One time that I do feel bad about was a day that DeGraeve was having a hard time with a Unified Government Traffic Engineer. Talk was ongoing about how he was expecting more from DeGraeve than he had the time for. Sisson made a comment about this, and I chimed in a comment that was meant to be supportive of DeGraeve's ability to "grin" in the face of the adversity he encountered in his position from time to time. It didn't come across as planned, and DeGraeve was not too pleased with me. After that, I tried to keep a very low profile and keep busy with the tasks at hand. While time seemed to calm the situation I tried to focus on what I was doing and keep my opinions and observations to myself.

I remember one particular day after my failed supportive comment DeGraeve asked me to ride along with him on a trip around the city. Needless to say this made me a bit uncomfortable at first, but his demeanor and our shared interests had a way of making me feel at ease and I passed the prior incident off as a lesson learned.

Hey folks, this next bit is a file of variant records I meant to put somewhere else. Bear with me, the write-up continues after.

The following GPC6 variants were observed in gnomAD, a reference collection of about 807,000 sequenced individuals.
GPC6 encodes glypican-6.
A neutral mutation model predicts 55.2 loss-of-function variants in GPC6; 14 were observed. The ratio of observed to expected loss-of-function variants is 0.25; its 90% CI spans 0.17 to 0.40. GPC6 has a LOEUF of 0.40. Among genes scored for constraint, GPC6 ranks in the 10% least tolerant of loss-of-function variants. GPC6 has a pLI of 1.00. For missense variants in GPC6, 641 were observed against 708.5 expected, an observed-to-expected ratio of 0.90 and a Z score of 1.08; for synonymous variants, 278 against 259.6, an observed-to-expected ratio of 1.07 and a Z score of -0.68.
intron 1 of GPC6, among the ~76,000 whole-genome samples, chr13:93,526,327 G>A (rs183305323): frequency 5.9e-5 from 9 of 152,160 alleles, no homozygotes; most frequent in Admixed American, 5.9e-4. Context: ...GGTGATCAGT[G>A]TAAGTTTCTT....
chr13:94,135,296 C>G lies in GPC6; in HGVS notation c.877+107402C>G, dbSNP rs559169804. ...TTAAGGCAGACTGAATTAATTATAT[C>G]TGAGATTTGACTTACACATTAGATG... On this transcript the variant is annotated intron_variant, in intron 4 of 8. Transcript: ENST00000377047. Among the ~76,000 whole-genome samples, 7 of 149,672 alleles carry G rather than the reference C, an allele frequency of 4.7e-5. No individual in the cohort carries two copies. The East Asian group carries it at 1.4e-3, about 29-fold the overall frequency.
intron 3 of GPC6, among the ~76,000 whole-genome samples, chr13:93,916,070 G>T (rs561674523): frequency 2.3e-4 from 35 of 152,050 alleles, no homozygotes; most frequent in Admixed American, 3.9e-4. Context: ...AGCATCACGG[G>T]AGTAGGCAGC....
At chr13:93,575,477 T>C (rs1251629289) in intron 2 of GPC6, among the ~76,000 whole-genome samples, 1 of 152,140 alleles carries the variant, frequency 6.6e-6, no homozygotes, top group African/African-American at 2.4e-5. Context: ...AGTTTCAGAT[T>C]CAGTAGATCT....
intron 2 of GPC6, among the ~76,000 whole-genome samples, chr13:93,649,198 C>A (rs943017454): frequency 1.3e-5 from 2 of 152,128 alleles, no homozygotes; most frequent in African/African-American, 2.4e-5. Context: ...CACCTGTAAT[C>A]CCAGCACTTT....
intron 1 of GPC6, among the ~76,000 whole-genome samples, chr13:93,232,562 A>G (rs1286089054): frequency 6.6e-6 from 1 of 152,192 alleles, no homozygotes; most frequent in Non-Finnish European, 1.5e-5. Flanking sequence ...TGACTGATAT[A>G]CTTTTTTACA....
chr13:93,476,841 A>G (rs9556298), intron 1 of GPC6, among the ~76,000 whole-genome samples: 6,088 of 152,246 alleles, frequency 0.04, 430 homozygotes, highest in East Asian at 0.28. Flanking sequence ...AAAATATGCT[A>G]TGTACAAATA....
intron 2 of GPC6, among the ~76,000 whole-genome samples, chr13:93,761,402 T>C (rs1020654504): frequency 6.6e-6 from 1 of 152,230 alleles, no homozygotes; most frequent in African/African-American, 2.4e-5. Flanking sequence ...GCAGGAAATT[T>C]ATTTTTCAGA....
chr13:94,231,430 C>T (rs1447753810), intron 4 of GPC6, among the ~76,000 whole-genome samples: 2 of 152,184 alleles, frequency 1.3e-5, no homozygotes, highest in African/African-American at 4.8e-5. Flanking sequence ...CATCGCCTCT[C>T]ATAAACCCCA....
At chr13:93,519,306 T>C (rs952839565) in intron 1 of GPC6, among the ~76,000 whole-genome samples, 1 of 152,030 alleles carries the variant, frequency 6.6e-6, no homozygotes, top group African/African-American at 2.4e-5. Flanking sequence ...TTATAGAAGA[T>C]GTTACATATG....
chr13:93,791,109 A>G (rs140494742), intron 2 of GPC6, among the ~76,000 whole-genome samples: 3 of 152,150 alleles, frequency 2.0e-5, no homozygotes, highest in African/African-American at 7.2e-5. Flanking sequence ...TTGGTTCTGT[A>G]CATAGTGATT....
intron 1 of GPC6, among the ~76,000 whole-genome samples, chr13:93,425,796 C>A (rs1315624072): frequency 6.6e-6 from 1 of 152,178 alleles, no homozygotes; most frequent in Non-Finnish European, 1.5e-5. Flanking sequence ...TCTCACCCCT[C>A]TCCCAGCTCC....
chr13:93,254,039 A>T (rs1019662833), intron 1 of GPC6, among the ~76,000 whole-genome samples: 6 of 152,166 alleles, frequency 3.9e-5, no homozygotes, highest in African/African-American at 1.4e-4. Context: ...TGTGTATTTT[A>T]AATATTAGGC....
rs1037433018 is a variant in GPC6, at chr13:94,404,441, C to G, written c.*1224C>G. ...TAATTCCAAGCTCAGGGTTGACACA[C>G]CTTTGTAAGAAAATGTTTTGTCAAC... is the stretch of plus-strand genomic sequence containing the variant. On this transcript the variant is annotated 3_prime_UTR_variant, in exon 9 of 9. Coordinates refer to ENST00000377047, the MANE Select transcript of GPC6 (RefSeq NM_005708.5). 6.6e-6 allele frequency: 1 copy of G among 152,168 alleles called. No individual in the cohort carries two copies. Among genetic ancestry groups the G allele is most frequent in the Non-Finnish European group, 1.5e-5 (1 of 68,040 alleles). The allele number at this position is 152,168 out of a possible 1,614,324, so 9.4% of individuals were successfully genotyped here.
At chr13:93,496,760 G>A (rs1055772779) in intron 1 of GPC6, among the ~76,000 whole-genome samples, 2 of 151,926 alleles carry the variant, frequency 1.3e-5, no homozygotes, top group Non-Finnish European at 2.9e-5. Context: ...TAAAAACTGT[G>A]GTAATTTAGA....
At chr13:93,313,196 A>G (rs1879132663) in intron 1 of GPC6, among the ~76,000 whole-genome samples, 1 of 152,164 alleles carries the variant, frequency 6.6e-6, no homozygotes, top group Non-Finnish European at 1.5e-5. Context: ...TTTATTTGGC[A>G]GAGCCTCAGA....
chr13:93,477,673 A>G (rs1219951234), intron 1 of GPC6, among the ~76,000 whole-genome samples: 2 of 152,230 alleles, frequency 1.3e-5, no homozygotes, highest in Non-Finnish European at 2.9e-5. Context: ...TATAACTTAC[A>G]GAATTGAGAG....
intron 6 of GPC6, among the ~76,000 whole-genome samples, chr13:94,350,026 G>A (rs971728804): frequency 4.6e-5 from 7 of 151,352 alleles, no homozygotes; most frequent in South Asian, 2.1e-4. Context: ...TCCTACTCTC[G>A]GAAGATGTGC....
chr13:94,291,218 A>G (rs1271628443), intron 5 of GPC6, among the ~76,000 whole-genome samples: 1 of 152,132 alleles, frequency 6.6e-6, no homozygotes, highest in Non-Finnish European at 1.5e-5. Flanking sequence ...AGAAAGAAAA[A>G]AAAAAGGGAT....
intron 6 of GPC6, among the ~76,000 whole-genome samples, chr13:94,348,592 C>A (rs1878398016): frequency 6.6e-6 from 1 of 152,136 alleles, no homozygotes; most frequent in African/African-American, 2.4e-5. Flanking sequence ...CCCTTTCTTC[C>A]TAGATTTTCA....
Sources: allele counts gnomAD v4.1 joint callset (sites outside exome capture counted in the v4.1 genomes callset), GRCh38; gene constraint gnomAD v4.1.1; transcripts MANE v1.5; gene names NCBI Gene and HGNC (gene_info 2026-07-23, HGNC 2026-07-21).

And there were plenty of lessons to learn! I never imagined there was so much to traffic signal control, and I felt privileged to be a part of this group. Some days it was simply changing bad bulbs, other days we had issues with detection cameras, in-pavement detection loops, camera interface modules, signal controllers, wireless detection modules that are also installed in the pavement, blueprints for the control systems that show the location of all the equipment and wiring that makes up the signal installation, even fiber optic cables.